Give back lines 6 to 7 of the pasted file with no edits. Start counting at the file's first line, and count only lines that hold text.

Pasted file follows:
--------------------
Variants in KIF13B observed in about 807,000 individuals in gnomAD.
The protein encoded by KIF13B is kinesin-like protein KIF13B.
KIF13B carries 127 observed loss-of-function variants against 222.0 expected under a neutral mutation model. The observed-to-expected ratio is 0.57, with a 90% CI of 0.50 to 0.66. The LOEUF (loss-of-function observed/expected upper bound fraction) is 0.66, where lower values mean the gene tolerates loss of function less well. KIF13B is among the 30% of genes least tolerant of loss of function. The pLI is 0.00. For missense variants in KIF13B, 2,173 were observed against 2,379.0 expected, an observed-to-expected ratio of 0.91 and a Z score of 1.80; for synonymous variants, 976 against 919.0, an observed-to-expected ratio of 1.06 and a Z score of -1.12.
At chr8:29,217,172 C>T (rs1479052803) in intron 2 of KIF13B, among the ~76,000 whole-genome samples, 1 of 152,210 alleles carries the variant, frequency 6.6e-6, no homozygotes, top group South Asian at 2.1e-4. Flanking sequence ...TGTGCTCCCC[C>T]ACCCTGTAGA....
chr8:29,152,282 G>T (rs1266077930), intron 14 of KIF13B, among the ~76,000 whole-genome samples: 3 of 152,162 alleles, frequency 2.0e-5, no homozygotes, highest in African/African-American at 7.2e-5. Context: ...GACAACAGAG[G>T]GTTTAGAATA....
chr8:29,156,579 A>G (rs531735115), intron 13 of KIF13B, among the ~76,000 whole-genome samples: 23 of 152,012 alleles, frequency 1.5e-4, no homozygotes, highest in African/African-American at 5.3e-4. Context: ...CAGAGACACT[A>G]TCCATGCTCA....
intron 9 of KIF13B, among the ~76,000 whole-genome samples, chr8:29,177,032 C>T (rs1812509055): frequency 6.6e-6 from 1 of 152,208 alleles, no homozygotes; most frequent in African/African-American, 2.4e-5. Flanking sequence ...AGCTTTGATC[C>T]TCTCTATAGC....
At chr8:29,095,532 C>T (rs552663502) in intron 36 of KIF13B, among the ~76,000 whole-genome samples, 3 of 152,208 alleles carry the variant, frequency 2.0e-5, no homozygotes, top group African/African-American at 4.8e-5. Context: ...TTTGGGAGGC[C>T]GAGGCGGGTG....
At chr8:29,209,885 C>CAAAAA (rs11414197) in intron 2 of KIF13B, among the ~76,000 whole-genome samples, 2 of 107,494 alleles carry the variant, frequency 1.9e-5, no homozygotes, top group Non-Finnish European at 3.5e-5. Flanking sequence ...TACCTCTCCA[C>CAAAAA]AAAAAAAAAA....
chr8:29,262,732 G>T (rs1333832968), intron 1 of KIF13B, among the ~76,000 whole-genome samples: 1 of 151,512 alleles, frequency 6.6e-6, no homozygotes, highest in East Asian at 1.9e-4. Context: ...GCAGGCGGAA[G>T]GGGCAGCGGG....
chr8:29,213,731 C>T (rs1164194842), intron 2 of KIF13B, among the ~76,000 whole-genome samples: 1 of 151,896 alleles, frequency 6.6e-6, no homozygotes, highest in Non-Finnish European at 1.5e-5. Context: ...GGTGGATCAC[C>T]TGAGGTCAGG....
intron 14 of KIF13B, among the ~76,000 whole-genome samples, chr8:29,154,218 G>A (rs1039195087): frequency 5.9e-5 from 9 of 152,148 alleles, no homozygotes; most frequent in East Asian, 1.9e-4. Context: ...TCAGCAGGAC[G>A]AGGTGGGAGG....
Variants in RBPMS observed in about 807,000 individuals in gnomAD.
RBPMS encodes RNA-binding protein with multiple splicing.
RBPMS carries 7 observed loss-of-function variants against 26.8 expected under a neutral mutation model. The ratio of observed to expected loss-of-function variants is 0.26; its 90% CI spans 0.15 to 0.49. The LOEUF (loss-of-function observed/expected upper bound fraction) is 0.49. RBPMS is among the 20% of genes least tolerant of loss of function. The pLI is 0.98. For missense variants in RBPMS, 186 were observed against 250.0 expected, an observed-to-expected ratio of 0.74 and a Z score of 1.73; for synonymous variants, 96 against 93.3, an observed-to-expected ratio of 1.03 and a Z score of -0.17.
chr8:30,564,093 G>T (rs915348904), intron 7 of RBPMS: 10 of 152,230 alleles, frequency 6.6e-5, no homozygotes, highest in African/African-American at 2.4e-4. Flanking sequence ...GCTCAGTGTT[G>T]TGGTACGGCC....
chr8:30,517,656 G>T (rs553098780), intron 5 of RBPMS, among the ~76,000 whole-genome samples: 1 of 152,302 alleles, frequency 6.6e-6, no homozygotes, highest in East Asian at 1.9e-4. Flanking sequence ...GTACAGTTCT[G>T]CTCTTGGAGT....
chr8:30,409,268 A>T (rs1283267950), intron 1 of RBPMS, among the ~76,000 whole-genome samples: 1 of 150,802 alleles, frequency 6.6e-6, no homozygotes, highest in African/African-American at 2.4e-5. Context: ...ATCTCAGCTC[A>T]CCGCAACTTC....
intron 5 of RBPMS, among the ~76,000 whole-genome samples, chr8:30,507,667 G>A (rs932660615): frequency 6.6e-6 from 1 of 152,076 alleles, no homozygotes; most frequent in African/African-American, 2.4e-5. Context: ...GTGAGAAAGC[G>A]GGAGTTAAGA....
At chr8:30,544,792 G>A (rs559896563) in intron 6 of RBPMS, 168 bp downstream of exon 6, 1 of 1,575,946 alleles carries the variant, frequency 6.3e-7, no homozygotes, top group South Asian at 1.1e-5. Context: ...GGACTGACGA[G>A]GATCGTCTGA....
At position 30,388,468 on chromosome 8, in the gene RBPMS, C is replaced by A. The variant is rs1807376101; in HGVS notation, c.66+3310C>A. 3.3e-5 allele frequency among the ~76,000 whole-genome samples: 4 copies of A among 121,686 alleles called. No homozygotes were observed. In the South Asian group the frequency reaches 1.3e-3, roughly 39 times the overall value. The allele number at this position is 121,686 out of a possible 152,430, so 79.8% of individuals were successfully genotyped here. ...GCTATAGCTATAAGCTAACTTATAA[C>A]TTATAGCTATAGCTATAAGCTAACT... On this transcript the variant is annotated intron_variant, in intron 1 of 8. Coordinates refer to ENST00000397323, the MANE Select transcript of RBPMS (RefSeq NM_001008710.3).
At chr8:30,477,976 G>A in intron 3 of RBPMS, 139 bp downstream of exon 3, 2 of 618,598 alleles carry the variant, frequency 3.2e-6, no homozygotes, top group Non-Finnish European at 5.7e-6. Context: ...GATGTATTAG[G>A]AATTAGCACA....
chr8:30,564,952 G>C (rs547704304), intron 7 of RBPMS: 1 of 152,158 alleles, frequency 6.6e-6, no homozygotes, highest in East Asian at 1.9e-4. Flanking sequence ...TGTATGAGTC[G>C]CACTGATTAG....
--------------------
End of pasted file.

chr8:29,156,579 A>G (rs531735115), intron 13 of KIF13B, among the ~76,000 whole-genome samples: 23 of 152,012 alleles, frequency 1.5e-4, no homozygotes, highest in African/African-American at 5.3e-4. Context: ...CAGAGACACT[A>G]TCCATGCTCA....
intron 9 of KIF13B, among the ~76,000 whole-genome samples, chr8:29,177,032 C>T (rs1812509055): frequency 6.6e-6 from 1 of 152,208 alleles, no homozygotes; most frequent in African/African-American, 2.4e-5. Flanking sequence ...AGCTTTGATC[C>T]TCTCTATAGC....